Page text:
Tailless Comet Could Be Answer to Beginnings of Our Universe
An ancient rocky body that looks like a contemporary asteroid that has gone astray may be one of the building blocks of the creation of rocky planets.
In a paper published in Science Advances, lead author Karen Meech said that she and her colleagues came to the conclusion that the C/2014 S3 was formed in the inner Solar System as the Earth, but was ejected at an early stage.
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Meech explained to Phys.org that scientists alredy knew many asteroids, but the PANSTARRS was the first one they saw that is uncooked by the sun. It was originally indentified as a weakly active comet that is just a little over twice as far from the Sun as the earth is.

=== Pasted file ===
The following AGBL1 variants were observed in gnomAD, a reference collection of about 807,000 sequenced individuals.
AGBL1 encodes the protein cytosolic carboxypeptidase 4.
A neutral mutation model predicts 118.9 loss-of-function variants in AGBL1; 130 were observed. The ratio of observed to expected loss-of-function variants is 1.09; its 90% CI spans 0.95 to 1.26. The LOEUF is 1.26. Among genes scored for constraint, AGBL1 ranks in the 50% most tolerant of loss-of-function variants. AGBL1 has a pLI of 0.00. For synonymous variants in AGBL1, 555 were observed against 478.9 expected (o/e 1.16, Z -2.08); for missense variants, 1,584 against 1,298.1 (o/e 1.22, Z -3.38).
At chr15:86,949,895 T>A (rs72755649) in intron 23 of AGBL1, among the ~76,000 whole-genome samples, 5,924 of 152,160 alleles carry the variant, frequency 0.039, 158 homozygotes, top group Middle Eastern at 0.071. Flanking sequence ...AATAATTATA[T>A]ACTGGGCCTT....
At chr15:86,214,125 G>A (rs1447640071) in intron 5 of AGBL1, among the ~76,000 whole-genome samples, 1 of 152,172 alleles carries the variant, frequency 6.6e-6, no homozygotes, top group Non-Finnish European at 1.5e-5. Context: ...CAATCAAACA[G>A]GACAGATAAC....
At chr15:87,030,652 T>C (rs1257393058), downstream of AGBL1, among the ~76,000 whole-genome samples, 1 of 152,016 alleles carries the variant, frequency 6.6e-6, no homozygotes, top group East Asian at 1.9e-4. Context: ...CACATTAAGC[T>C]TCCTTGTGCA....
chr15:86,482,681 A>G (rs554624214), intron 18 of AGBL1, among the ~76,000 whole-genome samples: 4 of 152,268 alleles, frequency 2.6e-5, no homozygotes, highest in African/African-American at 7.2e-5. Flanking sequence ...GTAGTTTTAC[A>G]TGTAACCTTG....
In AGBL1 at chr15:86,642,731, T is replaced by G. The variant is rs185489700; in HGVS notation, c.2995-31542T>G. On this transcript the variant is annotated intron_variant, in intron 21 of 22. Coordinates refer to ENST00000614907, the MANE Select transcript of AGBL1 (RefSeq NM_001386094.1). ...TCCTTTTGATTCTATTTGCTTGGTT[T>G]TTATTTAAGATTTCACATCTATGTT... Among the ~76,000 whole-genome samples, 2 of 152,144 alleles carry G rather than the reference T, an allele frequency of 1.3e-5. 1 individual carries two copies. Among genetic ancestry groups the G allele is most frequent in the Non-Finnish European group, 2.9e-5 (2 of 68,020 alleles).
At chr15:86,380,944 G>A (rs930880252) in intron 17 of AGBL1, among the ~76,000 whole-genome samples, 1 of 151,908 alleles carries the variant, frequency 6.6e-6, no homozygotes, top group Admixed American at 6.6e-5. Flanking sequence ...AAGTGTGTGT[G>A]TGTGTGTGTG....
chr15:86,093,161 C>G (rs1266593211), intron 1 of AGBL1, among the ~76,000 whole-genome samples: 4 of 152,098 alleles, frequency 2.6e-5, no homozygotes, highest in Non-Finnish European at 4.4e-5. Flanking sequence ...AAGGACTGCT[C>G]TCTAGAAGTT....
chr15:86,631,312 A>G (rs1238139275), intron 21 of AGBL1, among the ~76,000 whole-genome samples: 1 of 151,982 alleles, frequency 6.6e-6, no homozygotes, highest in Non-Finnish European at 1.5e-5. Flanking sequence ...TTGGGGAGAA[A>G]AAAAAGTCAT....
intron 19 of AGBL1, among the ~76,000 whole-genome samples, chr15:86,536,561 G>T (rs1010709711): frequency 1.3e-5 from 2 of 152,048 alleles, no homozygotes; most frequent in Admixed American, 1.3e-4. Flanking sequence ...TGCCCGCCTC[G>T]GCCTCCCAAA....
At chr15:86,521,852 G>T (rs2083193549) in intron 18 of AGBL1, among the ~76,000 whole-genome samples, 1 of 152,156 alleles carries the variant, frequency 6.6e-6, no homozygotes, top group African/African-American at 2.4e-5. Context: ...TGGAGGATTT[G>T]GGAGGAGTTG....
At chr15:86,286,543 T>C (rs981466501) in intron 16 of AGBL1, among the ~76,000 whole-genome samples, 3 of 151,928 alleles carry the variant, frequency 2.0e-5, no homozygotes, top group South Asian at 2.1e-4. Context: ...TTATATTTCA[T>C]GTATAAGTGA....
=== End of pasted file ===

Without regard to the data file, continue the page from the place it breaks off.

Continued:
The team noticed that the C/2014 S3 is unusual, as it does not have the characteristics usually seen in long-period comets, and as a result, it was dubbed the Manx commet, after a tailless cat.
However, careful study showed that the C/2014 S3 is typical of the asteroids known as the S-type, which are usually found in the inner asteroid belt. Further studies showed that it appears that the material has undergone little processing, which could mean that it has been frozen for a long time.
There are different models that are used to predict ratios of rocky to icy objects, but scientists believe that observations of 50-100 of these Manx comets are needed to study them further and distinguish them between the current models. Co-author Oliver Hainaut said, "We've found the first rocky comet, and we are looking for others. Depending how many we find, we will know whether the giant planets danced across the Solar System when they were young, or if they grew up quietly without moving much."